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We promptly went for drinks. Sup Crushes at Sup Dogs — our favorite Greenville haunt.

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Rocked some blue hair. Got shitfaced tipsy. Had a conversation about Frasier and the importance it is to have a burger without interruptions. Don’t ask.

Moral of the story: Don’t drink and then talk nonsense with your eyes closed, because people that say they love you will record you and make you watch it the next day after you’ve sobered up.

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As always, the trips are too short. But the family time was just so needed. I enjoy my mom and sister oh-so much. They’re my everything. And I’m ready for Christmas! I am so Texas homesick these days. Which I will have you know is worse than being regular homesick because Texas is a magical place.

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Speaking of magical… Our last night was spent sipping wine at Maggiano’s, musing about a Vegas wedding (we’ll see!) and eating the most incredible tiramisu. I pretty much wanted to lather the cream all over my face. Too delicious. So worth it.

So, this is my little hello update for you. After Mom and Janie left work sucked Shelton and I in like a vortex (someone please tell me that working this hard will pay off one day…) and I’ve enjoyed being unplugged this week. The apartment is a mess, the air mattress has been set up in the living room for over a week now, and you know what? I’m fine with all of it. All of it.

Happy Weekend.

-S

Make It: Monthly Checklist

monthly checklist | sweetandsavorylife.com

Every month, multiple times a month, Shelton and I have the same conversation. It goes like this:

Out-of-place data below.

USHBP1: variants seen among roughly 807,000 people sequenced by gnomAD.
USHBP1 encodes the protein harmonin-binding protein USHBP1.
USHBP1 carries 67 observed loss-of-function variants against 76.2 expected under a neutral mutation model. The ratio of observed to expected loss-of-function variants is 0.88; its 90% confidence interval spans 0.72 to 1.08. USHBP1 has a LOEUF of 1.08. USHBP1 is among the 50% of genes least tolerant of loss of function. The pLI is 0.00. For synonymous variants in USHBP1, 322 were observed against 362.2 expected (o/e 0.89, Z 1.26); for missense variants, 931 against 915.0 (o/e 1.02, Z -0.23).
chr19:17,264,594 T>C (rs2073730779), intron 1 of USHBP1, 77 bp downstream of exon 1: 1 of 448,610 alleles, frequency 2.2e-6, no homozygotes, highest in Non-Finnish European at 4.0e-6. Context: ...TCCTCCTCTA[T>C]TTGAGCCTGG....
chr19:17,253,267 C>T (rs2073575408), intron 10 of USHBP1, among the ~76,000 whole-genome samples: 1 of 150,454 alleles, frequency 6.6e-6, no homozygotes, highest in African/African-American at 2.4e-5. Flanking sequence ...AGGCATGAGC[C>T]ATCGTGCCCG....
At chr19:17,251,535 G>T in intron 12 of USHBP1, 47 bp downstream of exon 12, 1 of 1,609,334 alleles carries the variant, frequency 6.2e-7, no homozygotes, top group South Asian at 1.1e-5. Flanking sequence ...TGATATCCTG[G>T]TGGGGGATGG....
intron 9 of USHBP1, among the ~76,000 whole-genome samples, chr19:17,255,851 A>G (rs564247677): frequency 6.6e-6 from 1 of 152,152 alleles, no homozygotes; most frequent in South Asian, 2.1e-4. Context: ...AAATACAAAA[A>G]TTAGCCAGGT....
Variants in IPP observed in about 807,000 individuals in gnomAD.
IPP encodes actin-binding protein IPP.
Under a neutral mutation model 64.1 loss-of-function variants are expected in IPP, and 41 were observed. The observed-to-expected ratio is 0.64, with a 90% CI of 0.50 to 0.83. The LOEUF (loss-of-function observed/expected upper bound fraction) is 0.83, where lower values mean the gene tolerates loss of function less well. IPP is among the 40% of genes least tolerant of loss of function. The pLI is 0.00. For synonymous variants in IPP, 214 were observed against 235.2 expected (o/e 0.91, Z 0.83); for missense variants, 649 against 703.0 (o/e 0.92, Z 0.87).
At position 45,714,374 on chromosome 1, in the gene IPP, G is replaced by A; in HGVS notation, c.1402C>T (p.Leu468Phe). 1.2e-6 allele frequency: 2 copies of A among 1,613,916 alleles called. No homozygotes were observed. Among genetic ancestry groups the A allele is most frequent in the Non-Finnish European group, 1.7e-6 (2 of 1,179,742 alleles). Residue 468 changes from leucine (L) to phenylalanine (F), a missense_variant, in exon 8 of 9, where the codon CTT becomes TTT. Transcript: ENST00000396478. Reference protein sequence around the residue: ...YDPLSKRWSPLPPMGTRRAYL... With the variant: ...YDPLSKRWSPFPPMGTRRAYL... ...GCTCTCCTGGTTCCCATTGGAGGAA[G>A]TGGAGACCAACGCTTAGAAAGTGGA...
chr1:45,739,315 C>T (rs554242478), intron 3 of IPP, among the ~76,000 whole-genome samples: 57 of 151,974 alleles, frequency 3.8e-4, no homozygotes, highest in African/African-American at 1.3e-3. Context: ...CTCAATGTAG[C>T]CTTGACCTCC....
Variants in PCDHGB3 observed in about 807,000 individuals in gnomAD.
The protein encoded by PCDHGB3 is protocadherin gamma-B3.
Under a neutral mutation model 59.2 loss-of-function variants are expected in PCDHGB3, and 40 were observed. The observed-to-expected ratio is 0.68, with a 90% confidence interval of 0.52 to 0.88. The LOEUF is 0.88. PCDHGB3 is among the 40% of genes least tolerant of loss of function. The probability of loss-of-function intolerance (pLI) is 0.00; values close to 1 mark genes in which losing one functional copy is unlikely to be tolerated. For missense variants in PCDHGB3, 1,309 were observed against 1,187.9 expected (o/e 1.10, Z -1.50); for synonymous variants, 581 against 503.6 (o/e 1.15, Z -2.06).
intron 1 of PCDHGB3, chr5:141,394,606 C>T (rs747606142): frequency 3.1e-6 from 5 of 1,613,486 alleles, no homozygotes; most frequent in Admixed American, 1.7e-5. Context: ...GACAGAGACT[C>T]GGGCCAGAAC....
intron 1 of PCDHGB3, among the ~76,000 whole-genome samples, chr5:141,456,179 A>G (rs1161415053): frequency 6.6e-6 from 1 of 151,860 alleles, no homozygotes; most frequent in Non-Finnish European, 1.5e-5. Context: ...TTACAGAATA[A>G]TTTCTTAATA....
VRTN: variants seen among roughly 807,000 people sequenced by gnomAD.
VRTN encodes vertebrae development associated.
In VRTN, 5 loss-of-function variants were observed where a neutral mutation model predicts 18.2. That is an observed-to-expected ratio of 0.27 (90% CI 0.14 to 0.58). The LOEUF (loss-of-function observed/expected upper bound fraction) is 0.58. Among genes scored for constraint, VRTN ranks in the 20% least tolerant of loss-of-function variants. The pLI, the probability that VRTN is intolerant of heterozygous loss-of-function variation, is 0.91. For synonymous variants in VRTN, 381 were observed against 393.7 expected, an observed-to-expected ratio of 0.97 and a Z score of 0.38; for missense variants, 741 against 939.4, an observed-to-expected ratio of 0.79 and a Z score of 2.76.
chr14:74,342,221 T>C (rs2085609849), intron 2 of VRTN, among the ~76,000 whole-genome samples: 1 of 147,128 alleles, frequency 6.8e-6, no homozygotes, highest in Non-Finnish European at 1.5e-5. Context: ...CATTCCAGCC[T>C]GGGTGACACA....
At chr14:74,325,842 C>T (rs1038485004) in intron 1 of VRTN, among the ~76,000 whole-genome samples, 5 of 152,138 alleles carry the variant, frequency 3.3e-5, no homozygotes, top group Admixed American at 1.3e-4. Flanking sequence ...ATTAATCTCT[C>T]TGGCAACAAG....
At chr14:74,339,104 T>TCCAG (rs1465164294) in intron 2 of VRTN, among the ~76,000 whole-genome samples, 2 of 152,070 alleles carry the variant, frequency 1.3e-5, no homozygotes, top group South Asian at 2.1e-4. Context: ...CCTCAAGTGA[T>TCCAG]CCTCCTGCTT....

“Has AT&T pulled yet?”

“Did we set aside money for next month’s rent?”

“How much did you put to your credit card?”

“How much money have we saved?”

We are so busy, that sometimes keeping track of our monthly expenses feels like a chore. I am a lover of checklists, especially ones that can be used over and over. So, I created a simple monthly checklist so that we can see what has been paid, what is coming up and how much money we have saved. You can make one, too!

All you need is:

* Old frame (Any size will do! I used an 8×10.)

* List of your monthly bills (We break up our expenses in two parts: the first half of the month and then the second.)

* Dry erase marker

Jot down your expenses  (or type them up and print them out) and place them in the frame. Display the frame somewhere you can glance at it often — ours is on our kitchen counter — and as things get paid throughout the month, check them off! When the month is over, wipe off and repeat.

Now, wasn’t that easy?

You are welcome.

xo – Sarah

Scrapbooking: “Yo, April, What Up???”

You probably don’t know this about me, but I say “yo.” A lot. Probably too much. When I was laying out everything for the April layout, and reminiscing about all the AWESOME THINGS that happened in April I knew I had to throw a Yo in there. We did so much in April. Hiked in Raven Rock State Park, I was learning so much at my new job (ahem, still am), and we took a last minute weekend trip to Virginia Beach! April was a very, very good month indeed.

memory keeping | sweetandsavorylife.com